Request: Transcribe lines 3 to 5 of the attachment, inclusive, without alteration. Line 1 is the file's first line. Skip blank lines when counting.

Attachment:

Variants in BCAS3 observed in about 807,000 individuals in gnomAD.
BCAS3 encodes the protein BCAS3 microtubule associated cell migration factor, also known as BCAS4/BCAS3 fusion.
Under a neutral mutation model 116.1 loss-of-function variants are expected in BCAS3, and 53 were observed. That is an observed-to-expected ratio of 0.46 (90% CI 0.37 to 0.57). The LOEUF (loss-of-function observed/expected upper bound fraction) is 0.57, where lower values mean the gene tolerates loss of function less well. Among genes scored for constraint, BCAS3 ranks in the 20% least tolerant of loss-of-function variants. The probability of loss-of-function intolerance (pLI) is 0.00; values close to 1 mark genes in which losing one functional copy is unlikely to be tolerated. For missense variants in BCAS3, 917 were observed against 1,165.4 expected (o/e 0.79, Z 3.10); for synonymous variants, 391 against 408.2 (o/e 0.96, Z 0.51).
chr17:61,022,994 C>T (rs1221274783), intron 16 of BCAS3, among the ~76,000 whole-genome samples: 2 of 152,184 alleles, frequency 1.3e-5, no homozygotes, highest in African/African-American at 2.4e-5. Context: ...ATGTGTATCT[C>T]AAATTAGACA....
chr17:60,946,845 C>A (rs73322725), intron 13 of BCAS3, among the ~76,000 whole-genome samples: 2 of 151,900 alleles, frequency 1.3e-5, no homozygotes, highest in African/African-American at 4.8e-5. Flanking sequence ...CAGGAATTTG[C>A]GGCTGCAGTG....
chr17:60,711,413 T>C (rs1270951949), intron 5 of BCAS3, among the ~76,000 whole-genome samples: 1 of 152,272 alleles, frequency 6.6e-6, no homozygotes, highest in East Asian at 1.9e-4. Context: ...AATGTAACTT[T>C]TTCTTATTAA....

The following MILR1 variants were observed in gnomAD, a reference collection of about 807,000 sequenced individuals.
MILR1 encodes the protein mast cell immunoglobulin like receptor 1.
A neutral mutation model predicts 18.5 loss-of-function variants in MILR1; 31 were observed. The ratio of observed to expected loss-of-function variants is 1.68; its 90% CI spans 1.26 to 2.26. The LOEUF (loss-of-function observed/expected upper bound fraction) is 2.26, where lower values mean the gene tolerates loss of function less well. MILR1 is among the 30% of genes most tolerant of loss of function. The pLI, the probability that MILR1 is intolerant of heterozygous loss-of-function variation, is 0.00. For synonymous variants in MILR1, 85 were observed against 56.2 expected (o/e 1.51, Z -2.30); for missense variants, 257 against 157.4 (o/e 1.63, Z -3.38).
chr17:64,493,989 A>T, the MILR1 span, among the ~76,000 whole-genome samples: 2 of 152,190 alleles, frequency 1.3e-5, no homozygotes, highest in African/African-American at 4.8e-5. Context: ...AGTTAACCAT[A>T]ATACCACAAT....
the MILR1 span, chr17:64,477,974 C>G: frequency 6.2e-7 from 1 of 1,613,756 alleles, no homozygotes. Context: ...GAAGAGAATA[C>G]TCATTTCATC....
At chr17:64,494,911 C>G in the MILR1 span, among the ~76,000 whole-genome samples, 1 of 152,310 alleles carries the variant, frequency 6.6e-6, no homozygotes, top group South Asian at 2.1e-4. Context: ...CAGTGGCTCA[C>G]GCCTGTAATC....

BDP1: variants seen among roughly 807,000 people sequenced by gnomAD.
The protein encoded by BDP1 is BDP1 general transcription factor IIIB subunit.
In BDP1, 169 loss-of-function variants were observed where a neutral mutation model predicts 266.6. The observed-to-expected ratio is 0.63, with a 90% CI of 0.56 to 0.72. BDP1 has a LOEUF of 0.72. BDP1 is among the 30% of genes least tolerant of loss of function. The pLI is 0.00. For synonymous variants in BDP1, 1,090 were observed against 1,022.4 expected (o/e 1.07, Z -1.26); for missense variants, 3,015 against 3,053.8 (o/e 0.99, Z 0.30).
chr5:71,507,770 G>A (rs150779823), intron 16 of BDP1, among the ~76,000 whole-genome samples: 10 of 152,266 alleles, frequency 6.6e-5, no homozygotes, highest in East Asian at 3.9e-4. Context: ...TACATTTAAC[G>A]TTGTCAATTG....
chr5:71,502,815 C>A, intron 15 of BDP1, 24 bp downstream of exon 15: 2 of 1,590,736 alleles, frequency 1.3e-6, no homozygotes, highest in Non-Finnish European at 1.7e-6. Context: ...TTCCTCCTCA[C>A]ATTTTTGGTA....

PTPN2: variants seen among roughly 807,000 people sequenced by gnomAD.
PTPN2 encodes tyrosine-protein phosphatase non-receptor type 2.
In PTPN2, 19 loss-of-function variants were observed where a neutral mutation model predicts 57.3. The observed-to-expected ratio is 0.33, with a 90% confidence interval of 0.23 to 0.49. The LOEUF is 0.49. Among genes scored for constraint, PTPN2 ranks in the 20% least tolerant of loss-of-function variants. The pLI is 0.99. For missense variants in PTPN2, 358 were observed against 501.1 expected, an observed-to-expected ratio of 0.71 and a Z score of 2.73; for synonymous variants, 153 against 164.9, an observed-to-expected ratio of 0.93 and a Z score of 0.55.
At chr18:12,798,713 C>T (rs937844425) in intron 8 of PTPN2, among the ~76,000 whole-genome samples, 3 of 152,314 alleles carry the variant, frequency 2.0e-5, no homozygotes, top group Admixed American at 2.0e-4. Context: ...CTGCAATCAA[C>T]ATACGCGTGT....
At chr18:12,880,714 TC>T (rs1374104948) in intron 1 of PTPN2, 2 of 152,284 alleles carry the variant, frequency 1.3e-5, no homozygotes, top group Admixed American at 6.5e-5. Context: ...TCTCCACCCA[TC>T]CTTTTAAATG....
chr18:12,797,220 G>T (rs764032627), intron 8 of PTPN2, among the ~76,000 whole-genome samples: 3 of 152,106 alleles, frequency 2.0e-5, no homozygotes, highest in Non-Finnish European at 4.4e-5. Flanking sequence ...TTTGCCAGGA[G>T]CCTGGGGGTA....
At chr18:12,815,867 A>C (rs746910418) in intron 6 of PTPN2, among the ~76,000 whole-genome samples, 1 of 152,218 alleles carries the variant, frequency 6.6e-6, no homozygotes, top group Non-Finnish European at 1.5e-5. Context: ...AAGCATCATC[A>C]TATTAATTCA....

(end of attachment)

Under a neutral mutation model 116.1 loss-of-function variants are expected in BCAS3, and 53 were observed. That is an observed-to-expected ratio of 0.46 (90% CI 0.37 to 0.57). The LOEUF (loss-of-function observed/expected upper bound fraction) is 0.57, where lower values mean the gene tolerates loss of function less well. Among genes scored for constraint, BCAS3 ranks in the 20% least tolerant of loss-of-function variants. The probability of loss-of-function intolerance (pLI) is 0.00; values close to 1 mark genes in which losing one functional copy is unlikely to be tolerated. For missense variants in BCAS3, 917 were observed against 1,165.4 expected (o/e 0.79, Z 3.10); for synonymous variants, 391 against 408.2 (o/e 0.96, Z 0.51).
chr17:61,022,994 C>T (rs1221274783), intron 16 of BCAS3, among the ~76,000 whole-genome samples: 2 of 152,184 alleles, frequency 1.3e-5, no homozygotes, highest in African/African-American at 2.4e-5. Context: ...ATGTGTATCT[C>T]AAATTAGACA....
chr17:60,946,845 C>A (rs73322725), intron 13 of BCAS3, among the ~76,000 whole-genome samples: 2 of 151,900 alleles, frequency 1.3e-5, no homozygotes, highest in African/African-American at 4.8e-5. Flanking sequence ...CAGGAATTTG[C>A]GGCTGCAGTG....